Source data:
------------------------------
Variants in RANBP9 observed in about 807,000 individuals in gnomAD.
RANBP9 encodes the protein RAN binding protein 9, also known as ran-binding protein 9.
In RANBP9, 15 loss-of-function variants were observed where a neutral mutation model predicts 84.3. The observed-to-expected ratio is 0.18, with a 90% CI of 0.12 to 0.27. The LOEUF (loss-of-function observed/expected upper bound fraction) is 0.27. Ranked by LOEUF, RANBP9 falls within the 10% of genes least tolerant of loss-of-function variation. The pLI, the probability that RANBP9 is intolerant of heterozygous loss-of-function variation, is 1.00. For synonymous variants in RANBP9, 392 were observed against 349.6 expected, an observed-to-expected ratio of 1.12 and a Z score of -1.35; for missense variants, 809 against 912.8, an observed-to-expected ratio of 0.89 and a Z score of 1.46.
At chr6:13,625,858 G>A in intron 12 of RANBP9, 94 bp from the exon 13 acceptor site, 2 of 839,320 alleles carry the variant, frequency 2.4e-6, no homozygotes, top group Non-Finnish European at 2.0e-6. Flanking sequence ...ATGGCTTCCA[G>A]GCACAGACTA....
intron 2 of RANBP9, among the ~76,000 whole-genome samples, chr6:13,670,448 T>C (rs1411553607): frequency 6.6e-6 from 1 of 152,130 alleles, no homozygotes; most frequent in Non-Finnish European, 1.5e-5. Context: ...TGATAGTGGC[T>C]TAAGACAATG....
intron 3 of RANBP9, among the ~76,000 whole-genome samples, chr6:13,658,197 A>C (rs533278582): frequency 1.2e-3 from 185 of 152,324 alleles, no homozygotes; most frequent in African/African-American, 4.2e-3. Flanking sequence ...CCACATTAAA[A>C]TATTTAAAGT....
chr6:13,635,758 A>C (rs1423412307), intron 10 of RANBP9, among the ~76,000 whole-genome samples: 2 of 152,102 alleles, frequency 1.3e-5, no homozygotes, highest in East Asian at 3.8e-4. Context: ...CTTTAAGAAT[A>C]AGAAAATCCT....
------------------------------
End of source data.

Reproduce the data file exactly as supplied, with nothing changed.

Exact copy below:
Variants in RANBP9 observed in about 807,000 individuals in gnomAD.
RANBP9 encodes the protein RAN binding protein 9, also known as ran-binding protein 9.
In RANBP9, 15 loss-of-function variants were observed where a neutral mutation model predicts 84.3. The observed-to-expected ratio is 0.18, with a 90% CI of 0.12 to 0.27. The LOEUF (loss-of-function observed/expected upper bound fraction) is 0.27. Ranked by LOEUF, RANBP9 falls within the 10% of genes least tolerant of loss-of-function variation. The pLI, the probability that RANBP9 is intolerant of heterozygous loss-of-function variation, is 1.00. For synonymous variants in RANBP9, 392 were observed against 349.6 expected, an observed-to-expected ratio of 1.12 and a Z score of -1.35; for missense variants, 809 against 912.8, an observed-to-expected ratio of 0.89 and a Z score of 1.46.
At chr6:13,625,858 G>A in intron 12 of RANBP9, 94 bp from the exon 13 acceptor site, 2 of 839,320 alleles carry the variant, frequency 2.4e-6, no homozygotes, top group Non-Finnish European at 2.0e-6. Flanking sequence ...ATGGCTTCCA[G>A]GCACAGACTA....
intron 2 of RANBP9, among the ~76,000 whole-genome samples, chr6:13,670,448 T>C (rs1411553607): frequency 6.6e-6 from 1 of 152,130 alleles, no homozygotes; most frequent in Non-Finnish European, 1.5e-5. Context: ...TGATAGTGGC[T>C]TAAGACAATG....
intron 3 of RANBP9, among the ~76,000 whole-genome samples, chr6:13,658,197 A>C (rs533278582): frequency 1.2e-3 from 185 of 152,324 alleles, no homozygotes; most frequent in African/African-American, 4.2e-3. Flanking sequence ...CCACATTAAA[A>C]TATTTAAAGT....
chr6:13,635,758 A>C (rs1423412307), intron 10 of RANBP9, among the ~76,000 whole-genome samples: 2 of 152,102 alleles, frequency 1.3e-5, no homozygotes, highest in East Asian at 3.8e-4. Context: ...CTTTAAGAAT[A>C]AGAAAATCCT....